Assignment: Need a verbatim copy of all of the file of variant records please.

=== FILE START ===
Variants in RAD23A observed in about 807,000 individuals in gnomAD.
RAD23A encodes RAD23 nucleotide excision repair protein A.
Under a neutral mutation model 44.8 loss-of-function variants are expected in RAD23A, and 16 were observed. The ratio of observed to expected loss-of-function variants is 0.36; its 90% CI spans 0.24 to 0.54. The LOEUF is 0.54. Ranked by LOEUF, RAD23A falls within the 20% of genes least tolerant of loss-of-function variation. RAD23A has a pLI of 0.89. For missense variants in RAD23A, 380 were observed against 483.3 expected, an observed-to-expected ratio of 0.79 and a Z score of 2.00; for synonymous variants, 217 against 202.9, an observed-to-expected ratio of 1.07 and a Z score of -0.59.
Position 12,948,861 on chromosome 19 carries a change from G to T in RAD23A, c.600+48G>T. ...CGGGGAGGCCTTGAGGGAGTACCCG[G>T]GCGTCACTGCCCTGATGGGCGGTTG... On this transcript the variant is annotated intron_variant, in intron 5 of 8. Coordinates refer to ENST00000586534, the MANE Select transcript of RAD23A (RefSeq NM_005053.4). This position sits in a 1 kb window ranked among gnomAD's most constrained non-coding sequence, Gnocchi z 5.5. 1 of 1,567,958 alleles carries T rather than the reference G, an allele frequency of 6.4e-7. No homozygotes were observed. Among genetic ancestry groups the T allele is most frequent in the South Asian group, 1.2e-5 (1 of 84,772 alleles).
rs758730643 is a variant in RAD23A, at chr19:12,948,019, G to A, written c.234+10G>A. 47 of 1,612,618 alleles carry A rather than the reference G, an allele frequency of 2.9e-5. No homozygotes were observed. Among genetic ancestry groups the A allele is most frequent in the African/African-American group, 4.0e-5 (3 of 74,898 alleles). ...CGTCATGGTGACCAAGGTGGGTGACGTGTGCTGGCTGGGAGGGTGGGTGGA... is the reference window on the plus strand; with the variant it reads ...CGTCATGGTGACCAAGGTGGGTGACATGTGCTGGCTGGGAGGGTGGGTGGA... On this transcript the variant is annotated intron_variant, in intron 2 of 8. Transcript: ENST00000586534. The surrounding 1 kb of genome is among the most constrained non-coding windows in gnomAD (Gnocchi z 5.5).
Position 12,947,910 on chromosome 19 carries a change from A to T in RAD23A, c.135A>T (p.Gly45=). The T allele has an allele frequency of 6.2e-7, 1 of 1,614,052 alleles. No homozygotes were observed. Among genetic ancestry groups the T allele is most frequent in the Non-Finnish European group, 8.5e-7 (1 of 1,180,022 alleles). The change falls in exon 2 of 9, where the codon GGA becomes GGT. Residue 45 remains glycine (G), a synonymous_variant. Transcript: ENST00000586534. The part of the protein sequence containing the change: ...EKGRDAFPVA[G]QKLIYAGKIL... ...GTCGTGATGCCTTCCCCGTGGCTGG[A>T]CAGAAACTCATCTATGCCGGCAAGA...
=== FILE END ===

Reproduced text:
Variants in RAD23A observed in about 807,000 individuals in gnomAD.
RAD23A encodes RAD23 nucleotide excision repair protein A.
Under a neutral mutation model 44.8 loss-of-function variants are expected in RAD23A, and 16 were observed. The ratio of observed to expected loss-of-function variants is 0.36; its 90% CI spans 0.24 to 0.54. The LOEUF is 0.54. Ranked by LOEUF, RAD23A falls within the 20% of genes least tolerant of loss-of-function variation. RAD23A has a pLI of 0.89. For missense variants in RAD23A, 380 were observed against 483.3 expected, an observed-to-expected ratio of 0.79 and a Z score of 2.00; for synonymous variants, 217 against 202.9, an observed-to-expected ratio of 1.07 and a Z score of -0.59.
Position 12,948,861 on chromosome 19 carries a change from G to T in RAD23A, c.600+48G>T. ...CGGGGAGGCCTTGAGGGAGTACCCG[G>T]GCGTCACTGCCCTGATGGGCGGTTG... On this transcript the variant is annotated intron_variant, in intron 5 of 8. Coordinates refer to ENST00000586534, the MANE Select transcript of RAD23A (RefSeq NM_005053.4). This position sits in a 1 kb window ranked among gnomAD's most constrained non-coding sequence, Gnocchi z 5.5. 1 of 1,567,958 alleles carries T rather than the reference G, an allele frequency of 6.4e-7. No homozygotes were observed. Among genetic ancestry groups the T allele is most frequent in the South Asian group, 1.2e-5 (1 of 84,772 alleles).
rs758730643 is a variant in RAD23A, at chr19:12,948,019, G to A, written c.234+10G>A. 47 of 1,612,618 alleles carry A rather than the reference G, an allele frequency of 2.9e-5. No homozygotes were observed. Among genetic ancestry groups the A allele is most frequent in the African/African-American group, 4.0e-5 (3 of 74,898 alleles). ...CGTCATGGTGACCAAGGTGGGTGACGTGTGCTGGCTGGGAGGGTGGGTGGA... is the reference window on the plus strand; with the variant it reads ...CGTCATGGTGACCAAGGTGGGTGACATGTGCTGGCTGGGAGGGTGGGTGGA... On this transcript the variant is annotated intron_variant, in intron 2 of 8. Transcript: ENST00000586534. The surrounding 1 kb of genome is among the most constrained non-coding windows in gnomAD (Gnocchi z 5.5).
Position 12,947,910 on chromosome 19 carries a change from A to T in RAD23A, c.135A>T (p.Gly45=). The T allele has an allele frequency of 6.2e-7, 1 of 1,614,052 alleles. No homozygotes were observed. Among genetic ancestry groups the T allele is most frequent in the Non-Finnish European group, 8.5e-7 (1 of 1,180,022 alleles). The change falls in exon 2 of 9, where the codon GGA becomes GGT. Residue 45 remains glycine (G), a synonymous_variant. Transcript: ENST00000586534. The part of the protein sequence containing the change: ...EKGRDAFPVA[G]QKLIYAGKIL... ...GTCGTGATGCCTTCCCCGTGGCTGG[A>T]CAGAAACTCATCTATGCCGGCAAGA...